Today, I’m pleased to share Autism Home Rescue’s first-ever guest post from Caroline McGraw! Caroline is a would-be childhood paleontologist who digs for treasure in people. Her younger brother, Willie, has autism, and she writes about finding meaning in the most challenging relationships at A Wish Come Clear.
It takes a great deal of courage to say, as Cathy did, “My child is the biter.”
It’s hard when your brother is the biter (and the bruiser, the head-banger, the one who punches holes through walls). It’s hard when you’re living next door to him, and you don’t feel safe enough to fall asleep at night.
But harder still is the feeling of disconnection, the fear that the person you once knew is gone forever. That, more than the cuts and bruises, triggers anger. Anger that wells up inside you and threatens to explode. If you’re like me, you never thought you could feel such anger.
And you never thought you’d feel such paradoxical desires; one moment, you’re wishing that this violent person would disappear, and then next, you’re thinking that you’d do whatever it takes if only it would offer that person some comfort, some respite from their self-injurious and other-injurious behavior. You want to give up hope … and you want to believe that love can overcome all obstacles.
In my first book, Your Creed of Care: How To Dig For Treasure In People (Without Getting Buried Alive), I share a story that encapsulates that paradox:
“Once upon a time, when I was a teenager, I got so angry with my brother Willie (and his erratic, sometimes- violent behavior) that I smashed an antique guitar to smithereens. (If it helps, it was an old, ratty guitar, not a collector’s item.) This guitar had been given to my brother by my grandparents. After a particularly difficult evening at home, I walked upstairs, saw the guitar and simply started smashing it against Willie’s wooden bed- frame. I was so, so angry. I so, so badly wanted him to stop acting crazy. I wanted him to change back into the brother I knew.
After, I felt bewildered, astonished…and relieved. While the wood was splintering and the strings were snapping, I’d realized … I could not change him. I could not change my parent’s decisions. I was powerless to change any of those things, but I’d done something that I needed to do. I’d released some anger that I needed to release.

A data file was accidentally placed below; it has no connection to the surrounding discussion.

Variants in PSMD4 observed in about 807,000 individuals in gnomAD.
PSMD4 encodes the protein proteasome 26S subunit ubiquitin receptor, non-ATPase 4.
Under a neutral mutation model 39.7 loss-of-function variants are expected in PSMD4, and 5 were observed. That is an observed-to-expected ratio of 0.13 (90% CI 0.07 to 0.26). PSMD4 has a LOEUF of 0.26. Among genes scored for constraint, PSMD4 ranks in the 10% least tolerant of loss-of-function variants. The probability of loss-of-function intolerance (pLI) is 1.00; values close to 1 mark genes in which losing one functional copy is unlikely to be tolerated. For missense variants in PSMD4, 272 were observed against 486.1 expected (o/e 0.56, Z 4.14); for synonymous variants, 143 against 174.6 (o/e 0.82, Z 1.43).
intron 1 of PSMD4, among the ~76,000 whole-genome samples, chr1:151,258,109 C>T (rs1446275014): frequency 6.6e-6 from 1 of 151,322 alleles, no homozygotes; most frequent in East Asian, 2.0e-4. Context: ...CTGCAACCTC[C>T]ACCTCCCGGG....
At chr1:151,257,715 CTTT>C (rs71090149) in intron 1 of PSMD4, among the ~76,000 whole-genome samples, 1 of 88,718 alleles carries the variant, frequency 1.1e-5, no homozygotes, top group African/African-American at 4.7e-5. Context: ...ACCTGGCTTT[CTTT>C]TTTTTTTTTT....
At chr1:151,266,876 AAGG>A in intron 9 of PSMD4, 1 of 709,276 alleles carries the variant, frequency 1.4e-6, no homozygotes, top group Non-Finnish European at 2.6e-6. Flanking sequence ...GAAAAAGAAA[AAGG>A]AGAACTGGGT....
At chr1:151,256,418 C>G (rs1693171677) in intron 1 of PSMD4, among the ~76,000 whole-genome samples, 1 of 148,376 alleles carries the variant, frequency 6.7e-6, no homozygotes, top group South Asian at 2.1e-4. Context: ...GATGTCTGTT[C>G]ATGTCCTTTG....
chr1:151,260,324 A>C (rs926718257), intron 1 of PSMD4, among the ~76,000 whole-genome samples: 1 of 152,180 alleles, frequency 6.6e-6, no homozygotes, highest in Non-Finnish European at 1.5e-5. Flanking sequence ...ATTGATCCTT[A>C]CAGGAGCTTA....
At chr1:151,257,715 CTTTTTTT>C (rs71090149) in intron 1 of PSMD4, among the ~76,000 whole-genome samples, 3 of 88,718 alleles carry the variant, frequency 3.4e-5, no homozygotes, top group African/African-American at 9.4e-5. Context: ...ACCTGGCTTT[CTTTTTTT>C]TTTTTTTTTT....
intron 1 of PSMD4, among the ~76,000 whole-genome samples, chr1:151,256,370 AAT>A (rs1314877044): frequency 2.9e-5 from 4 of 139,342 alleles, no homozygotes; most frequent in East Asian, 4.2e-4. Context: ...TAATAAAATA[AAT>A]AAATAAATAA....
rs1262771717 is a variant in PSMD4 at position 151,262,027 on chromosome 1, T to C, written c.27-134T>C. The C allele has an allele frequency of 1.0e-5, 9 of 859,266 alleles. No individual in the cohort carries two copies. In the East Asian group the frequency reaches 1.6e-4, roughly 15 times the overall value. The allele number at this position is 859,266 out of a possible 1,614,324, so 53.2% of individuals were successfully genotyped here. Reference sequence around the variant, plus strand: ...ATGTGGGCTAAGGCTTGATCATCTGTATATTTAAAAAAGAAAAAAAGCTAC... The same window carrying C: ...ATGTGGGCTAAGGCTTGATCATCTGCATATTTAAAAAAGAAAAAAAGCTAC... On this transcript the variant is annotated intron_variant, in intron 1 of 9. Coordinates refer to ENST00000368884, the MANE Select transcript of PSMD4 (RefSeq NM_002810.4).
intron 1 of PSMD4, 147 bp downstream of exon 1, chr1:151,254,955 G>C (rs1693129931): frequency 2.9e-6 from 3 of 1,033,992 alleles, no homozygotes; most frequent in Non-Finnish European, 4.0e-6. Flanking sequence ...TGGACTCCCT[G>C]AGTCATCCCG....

I’d stopped fixating on what I wanted to change about him and started letting myself feel what I felt.
Ironically, this was the first moment in ages at which I could feel empathy for my brother, who had so much rage inside of him. It was small, but it was a beginning. Amidst the shards of a broken guitar, I took my first step on the road to loving my brother as he was, not as I wished he would be. ”
I’ve walked much farther on my journey since then; I’ve built a stronger relationship with my brother and with many other remarkable, differently-abled adults. And in the process, I’ve come to see that the beautiful thing about acknowledging hard truths is that the telling can set you free. When you say, “My child is the biter,” or, “My brother is the violent teenager who got kicked out of school, the one who makes me so mad I actually smashed a musical instrument to pieces,” you’re acknowledging the difficulty and struggle and pain, but you’re still putting your relationship first. Even in your darkest hour, you’re still saying, “My child,” and “My brother.”
Whether you’ve thought consciously about it or not, you’re communicating that the person you care for is more than their behavior, more than their current difficulties. You’re saying that your love for that person is bigger than whatever challenge you’re facing together.
Some days, it hurts to believe it. And other days, it feels like the only thing worth holding on to. Regardless of what kind of day today is for you, know that you are not alone, and that your care of one person has more power than you can ever know.
To read the rest of Your Creed of Care: How To Dig For Treasure In People (Without Getting Buried Alive), visit Caroline at A Wish Come Clear; the 60+ page guide for caregivers is free to all who elect to receive posts via email.